And so we come to The Fall of Koli – the ominously-named final volume of MR Carey’s post-apocalyptic Ramparts series. For those who have not read the first two volumes of this series (The Book of Koli and The Trials of Koli) and want to, there will be spoilers in this review. The good news is that after the slow grind of the second book, Carey delivers in a finale which pays off all of the breadcrumbs that he has been dropping along the way.
As with the second book, The Fall of Koli opens directly after the cliffhanger ending the previous volume. Koli, Ursula and Cup have managed to pilot a boat to the source of the Sword of Albion signal. They are rescued from their sinking craft by the inhabitants of what turns out to be a massive ocean-going vessel called the Sword of Albion. And there are only three inhabitants on board – Lorraine, Paul and their son Stanley Banner, all of whom speak as if the cataclysm that destroyed their world hundreds of years ago had only just happened and are clearly hiding something. Koli receives a mysterious warning about the three and starts to join the dots around a mythical figure called Stannabanna and the mercurial sixteen year-old Stanley who keeps getting dragged off for treatments. At the same time back in his old village of Mythen Rood, Spinner is preparing the face the might of neighbouring Half-Axe, who might have been defeated once but who have many more soldiers to draw from and are out for blood.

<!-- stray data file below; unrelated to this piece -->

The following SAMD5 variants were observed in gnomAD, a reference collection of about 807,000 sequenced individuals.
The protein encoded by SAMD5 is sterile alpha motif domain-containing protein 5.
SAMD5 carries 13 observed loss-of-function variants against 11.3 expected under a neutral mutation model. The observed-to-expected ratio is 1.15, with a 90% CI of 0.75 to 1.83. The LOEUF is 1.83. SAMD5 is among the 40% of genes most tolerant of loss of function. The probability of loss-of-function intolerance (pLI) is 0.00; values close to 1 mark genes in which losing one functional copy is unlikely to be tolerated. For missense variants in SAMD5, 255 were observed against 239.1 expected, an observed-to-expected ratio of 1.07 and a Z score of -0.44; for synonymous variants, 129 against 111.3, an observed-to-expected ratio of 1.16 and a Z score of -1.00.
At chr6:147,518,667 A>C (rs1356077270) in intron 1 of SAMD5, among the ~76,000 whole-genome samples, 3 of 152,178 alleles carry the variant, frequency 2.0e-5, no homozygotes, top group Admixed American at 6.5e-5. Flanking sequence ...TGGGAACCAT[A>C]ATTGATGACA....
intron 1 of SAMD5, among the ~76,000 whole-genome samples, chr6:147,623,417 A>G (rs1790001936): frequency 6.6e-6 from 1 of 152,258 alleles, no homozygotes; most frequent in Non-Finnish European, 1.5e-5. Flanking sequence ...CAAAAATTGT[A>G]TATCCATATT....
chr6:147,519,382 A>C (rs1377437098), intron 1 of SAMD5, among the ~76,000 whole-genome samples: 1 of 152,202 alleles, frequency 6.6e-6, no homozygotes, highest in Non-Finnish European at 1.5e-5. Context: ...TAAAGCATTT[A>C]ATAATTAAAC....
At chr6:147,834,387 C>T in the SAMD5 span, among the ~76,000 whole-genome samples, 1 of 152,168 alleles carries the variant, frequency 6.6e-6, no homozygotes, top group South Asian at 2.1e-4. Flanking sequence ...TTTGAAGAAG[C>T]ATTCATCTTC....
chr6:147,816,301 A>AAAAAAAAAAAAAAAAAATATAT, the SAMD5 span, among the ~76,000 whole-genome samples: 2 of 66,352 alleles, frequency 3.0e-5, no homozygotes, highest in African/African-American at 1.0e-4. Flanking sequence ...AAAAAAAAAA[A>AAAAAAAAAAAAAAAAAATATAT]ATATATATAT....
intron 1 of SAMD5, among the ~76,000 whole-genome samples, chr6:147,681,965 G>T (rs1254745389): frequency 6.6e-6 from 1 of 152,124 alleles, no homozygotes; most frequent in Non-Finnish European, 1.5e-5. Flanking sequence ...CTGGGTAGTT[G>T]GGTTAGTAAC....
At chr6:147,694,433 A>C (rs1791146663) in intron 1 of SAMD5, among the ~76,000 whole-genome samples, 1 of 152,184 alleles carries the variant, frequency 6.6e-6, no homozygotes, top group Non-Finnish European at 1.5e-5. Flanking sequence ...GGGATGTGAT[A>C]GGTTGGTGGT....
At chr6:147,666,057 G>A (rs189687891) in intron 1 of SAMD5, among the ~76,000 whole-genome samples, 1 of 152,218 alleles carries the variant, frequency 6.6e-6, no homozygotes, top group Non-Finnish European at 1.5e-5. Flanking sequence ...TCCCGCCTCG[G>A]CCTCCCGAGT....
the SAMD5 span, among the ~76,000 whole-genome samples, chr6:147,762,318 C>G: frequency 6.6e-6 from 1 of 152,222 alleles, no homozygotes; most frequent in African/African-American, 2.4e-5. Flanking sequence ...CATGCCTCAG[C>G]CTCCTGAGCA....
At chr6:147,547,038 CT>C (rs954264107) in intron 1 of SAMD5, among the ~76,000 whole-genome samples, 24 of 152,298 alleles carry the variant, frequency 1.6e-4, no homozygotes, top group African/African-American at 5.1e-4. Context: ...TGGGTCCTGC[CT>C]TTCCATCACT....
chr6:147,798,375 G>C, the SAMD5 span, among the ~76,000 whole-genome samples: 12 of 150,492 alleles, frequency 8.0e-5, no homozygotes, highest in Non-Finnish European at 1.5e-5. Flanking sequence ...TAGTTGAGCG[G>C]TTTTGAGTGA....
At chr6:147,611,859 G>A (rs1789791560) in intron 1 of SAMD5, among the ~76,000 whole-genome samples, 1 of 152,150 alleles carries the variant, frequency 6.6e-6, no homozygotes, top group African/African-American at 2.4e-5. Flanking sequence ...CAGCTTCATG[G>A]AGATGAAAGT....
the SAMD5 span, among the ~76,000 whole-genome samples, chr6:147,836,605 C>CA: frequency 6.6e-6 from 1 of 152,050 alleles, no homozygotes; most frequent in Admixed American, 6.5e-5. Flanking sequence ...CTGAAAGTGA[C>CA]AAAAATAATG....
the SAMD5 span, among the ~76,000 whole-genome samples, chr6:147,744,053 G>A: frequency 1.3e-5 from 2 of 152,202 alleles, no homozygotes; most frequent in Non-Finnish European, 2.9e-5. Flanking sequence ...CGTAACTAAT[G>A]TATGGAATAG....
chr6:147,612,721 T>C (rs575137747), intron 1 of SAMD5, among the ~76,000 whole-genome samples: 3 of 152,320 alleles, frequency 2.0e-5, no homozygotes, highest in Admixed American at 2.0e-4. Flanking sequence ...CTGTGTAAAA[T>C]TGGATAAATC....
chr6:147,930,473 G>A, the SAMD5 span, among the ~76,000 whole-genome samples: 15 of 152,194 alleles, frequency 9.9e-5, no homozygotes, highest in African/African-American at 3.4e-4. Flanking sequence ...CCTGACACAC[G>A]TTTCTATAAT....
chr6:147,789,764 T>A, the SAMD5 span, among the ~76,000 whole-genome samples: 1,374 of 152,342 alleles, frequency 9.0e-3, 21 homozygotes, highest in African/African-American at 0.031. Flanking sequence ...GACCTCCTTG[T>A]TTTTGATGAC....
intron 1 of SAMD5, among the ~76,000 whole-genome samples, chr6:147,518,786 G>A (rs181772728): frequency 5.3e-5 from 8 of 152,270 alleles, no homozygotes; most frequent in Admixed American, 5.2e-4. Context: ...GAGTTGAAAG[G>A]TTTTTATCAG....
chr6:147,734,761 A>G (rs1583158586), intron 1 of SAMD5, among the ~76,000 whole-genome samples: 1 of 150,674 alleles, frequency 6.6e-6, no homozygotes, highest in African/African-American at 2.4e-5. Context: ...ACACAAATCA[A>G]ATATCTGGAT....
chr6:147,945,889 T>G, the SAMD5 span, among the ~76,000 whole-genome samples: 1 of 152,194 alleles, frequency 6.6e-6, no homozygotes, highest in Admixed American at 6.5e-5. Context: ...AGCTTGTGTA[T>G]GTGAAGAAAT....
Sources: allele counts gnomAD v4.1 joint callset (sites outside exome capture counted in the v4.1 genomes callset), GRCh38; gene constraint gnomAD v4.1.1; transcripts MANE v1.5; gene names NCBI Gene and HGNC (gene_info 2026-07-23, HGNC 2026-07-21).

While the two narrative strands were completely disconnected in book 2, Carey slowly starts to bring them together here. While on the Sword of Albion, Koli and his crew discover deep secrets about their world and how it came to be, in Mythen Rood Spinner is subtly trying to deconstruct the ancient power structure bound to the ability to use ancient technology that saw Koli banished in the first place. Meanwhile the Japanese AI Monono Aware who befriended Koli way back in The Book of Koli, and is probably the best character in the series, starts to come into her own in a way that also helps explain much of the preceding action.
The Fall of Koli reveals the bigger plan that Carey had when he started this series. It is well constructed with full of great cliffhangers through to the final act which becomes a strange combination of hope and dread as the two disparate story lines come together. While it has never been promoted in this way, nothing in this volume lifts the series outside of its Young Adult styling and concerns – even on the Sword of Albion the main action is between the two teenagers Koli and Stanley. But for those readers in particular this final volume will make what has sometimes felt like a long journey worth the effort.